The major focus of a breast lift is to raise the nipple-areolar complex (NAC) and centralize it over the breast mound, reduce the size of the areola if necessary, and shape the breast by reducing / tightening the breast skin envelope. A breast lift may be performed in conjunction with breast augmentation if the breasts are small or have lost volume and the NAC will be positioned too low following augmentation alone.
"Ptosis" defines the amount of sagging a breast demonstrates, and it is usually graded based upon the position of the nipple in relation to the inframammary fold (IMF). As ptosis develops, the nipple moves inferiorly and the breast tissue overhangs the inframammary fold. The amount of ptosis will determine if a woman should consider a breast lift and this will directly affect the type of lift performed. To get a better idea of the position of the IMF, and whether any ptosis is present, tuck a pencil horizontally under the fold of each breast. A horizontal line through each pencil marks the position of each IMF; it is not uncommon for there to be some small discrepancies in position when comparing the right and left sides. If one or both nipples sag below the line of the inframammary fold you are a candidate for a breast lift.
For patients with only a small amount of volume loss and droop, augmentation alone may be sufficient for increasing breast size and re-establishing a more centralized NAC position. In a mildly deflated breast, the breast implant increases breast volume, and by doing so, raises the relative position of the NAC with respect to the inframammary fold (IMF).
There are some patients who may be considered "borderline” for a breast lift. To avoid the extra scarring associated with the lift, the surgeon can use a larger implant placed in a lower subpectoral or subglandular position; in essence, the implant is allowed to fall down into the breast. The result provides appropriate NAC positioning, but at the cost of a lower hanging breast mound with a moderate amount of the breast (and implant) hanging below the level of the IMF. Over time, many of these women often experience additional skin stretching and thinning, and become unhappy with their result. They ultimately require a breast lift and perhaps a site change to a subpectoral position. The alternative is to perform an augmentation with a lift, positioning the implant above the inframammary fold.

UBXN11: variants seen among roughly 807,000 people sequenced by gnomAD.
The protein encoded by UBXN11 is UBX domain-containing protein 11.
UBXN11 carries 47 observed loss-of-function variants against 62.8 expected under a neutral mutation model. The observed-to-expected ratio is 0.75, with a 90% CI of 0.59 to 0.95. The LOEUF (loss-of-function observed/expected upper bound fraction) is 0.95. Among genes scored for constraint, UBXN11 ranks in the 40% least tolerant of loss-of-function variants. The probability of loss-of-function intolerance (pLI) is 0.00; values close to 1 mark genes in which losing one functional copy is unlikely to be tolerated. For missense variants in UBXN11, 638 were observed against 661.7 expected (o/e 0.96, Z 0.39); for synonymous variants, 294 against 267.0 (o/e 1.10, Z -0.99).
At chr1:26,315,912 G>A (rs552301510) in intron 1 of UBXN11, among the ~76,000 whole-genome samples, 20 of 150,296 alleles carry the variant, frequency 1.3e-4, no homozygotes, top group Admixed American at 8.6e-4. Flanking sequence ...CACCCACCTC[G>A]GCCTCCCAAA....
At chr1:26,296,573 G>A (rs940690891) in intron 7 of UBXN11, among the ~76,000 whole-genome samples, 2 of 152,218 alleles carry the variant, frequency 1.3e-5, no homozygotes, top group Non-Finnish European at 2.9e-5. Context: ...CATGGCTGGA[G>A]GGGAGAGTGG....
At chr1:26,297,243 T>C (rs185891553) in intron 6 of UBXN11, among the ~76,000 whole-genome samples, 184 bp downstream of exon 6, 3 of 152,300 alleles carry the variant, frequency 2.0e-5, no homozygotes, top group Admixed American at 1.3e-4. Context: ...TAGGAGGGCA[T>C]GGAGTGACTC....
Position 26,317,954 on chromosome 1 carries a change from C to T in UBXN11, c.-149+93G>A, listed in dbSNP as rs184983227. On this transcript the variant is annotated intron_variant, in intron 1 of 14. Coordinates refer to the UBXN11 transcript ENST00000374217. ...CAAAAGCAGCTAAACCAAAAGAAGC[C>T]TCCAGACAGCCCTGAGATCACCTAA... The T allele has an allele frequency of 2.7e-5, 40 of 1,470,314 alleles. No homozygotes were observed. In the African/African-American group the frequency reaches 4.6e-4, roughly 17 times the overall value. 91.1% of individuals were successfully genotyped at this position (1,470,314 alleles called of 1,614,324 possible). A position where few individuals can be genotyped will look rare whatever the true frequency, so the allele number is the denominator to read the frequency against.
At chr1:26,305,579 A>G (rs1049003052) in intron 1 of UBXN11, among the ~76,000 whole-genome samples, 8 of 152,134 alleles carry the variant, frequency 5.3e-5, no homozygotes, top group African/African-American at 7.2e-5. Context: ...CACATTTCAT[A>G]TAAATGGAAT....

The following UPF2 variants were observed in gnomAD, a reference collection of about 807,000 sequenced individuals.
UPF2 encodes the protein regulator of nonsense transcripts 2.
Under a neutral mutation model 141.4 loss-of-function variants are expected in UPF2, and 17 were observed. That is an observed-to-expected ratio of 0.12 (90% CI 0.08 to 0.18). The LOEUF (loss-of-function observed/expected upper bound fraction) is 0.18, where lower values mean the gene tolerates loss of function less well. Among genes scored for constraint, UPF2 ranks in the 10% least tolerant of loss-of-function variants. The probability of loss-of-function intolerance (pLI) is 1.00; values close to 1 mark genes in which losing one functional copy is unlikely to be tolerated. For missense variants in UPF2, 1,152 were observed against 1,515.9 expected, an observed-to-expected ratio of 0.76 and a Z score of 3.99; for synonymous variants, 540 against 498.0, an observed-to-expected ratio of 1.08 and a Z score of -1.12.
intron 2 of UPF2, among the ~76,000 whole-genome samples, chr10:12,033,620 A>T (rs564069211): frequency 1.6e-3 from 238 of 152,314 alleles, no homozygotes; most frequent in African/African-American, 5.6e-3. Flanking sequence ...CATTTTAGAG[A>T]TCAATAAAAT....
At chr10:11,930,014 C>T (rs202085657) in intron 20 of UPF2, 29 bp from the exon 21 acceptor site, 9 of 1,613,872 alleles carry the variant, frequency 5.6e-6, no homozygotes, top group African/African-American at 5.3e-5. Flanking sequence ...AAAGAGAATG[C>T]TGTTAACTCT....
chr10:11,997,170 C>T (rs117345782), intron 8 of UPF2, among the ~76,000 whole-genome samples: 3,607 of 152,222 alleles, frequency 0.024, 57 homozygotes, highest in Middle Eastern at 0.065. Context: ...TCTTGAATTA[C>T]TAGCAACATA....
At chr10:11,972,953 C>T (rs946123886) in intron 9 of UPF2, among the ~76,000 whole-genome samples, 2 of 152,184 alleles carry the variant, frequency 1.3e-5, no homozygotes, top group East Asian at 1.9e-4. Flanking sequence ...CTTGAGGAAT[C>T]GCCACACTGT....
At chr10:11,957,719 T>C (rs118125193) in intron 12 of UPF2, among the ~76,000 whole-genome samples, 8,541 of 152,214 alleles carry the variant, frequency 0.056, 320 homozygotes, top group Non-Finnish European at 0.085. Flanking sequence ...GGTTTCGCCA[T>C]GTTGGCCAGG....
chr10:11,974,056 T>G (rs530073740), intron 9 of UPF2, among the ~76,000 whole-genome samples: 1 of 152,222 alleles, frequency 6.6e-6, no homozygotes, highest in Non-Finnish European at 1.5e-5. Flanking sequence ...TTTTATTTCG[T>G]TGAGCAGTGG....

During your consultation it is important to discuss your goals and expectations of breast enhancement. The size and shape of your breasts, the quality of your skin, the amount of breast tissue present, the location of your breast tissue in relation to the IMF, the location of your NAC in relation to the IMF, and the implant volume chosen are all important in determining whether a breast lift is necessary and what type of breast lift technique will be used.
Breast lift techniques are numerous but change and progress as the amount of ptosis increases. Minimal lifting techniques may involve a partial or full circumareolar scar. If additional shaping and transverse tightening of the breast is required a vertical scar is added from the inferior border of the NAC down to the IMF. And, if vertical breast laxity still remains then a transverse scar placed in the IMF is added to finalize the lift.
My goal is to produce the best breast shape possible, and so I don’t hesitate to recommend a lift if I feel it is necessary. It is then up to the patient to decide if she wants to accept my recommendation. A thoughtful and caring surgeon should be able to help you understand the differences in breast shape and NAC position with or without a breast lift, and should be able to guide you during your decision making.
I hope this is helpful. Best wishes. Ken Dembny
Mastopexy and Breast Augmentation
Please re-post your question with photographs of yourself from the front, three quarter, and side views (please look at how photos look on doctor's websites).
This will allow for a more helpful answer.
When you need a breast lift
Need is a relative term, and you only need what you feel is important to you. Generally though lift is about nipple position and we recommend a lift when the nipple is projecting below the breast fold. The nipple is the center of the nipple not the areola. If the nipple is at or slightly above the breast fold the implant will indeed tend to push the nipple upward. If below however the implant will tend to push the nipple lower and the breast will appear more 'mature''. Lift if you must, and beware the scars.
Best of luck,
Different Doctors Have Different Opinions
Without seeing pictures of you I can't make any recommendations but the reason different doctors give different opinions might be related to their degrees of experience (years in practice, where they trained, etc.) and how much breast surgery they do. Typically if the nipple is below the breast crease a lift will be needed. If you are a borderline case just get the augmentation and see if you like the results. You can always add more scars (from a lift) later! Good luck!